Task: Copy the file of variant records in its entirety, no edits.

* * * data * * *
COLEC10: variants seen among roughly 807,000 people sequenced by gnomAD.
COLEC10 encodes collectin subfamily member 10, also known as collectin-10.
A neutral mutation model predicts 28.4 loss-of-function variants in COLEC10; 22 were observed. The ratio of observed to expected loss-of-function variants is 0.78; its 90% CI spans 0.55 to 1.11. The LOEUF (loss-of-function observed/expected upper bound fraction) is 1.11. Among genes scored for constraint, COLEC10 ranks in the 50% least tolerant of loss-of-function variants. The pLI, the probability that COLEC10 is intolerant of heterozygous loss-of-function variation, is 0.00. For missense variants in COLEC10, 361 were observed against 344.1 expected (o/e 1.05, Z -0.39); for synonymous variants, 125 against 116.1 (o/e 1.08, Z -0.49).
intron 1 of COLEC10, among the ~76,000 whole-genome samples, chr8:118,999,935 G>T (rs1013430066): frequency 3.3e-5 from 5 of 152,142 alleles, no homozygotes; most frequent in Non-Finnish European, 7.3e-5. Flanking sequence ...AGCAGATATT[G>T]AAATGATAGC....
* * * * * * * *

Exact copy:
COLEC10: variants seen among roughly 807,000 people sequenced by gnomAD.
COLEC10 encodes collectin subfamily member 10, also known as collectin-10.
A neutral mutation model predicts 28.4 loss-of-function variants in COLEC10; 22 were observed. The ratio of observed to expected loss-of-function variants is 0.78; its 90% CI spans 0.55 to 1.11. The LOEUF (loss-of-function observed/expected upper bound fraction) is 1.11. Among genes scored for constraint, COLEC10 ranks in the 50% least tolerant of loss-of-function variants. The pLI, the probability that COLEC10 is intolerant of heterozygous loss-of-function variation, is 0.00. For missense variants in COLEC10, 361 were observed against 344.1 expected (o/e 1.05, Z -0.39); for synonymous variants, 125 against 116.1 (o/e 1.08, Z -0.49).
intron 1 of COLEC10, among the ~76,000 whole-genome samples, chr8:118,999,935 G>T (rs1013430066): frequency 3.3e-5 from 5 of 152,142 alleles, no homozygotes; most frequent in Non-Finnish European, 7.3e-5. Flanking sequence ...AGCAGATATT[G>T]AAATGATAGC....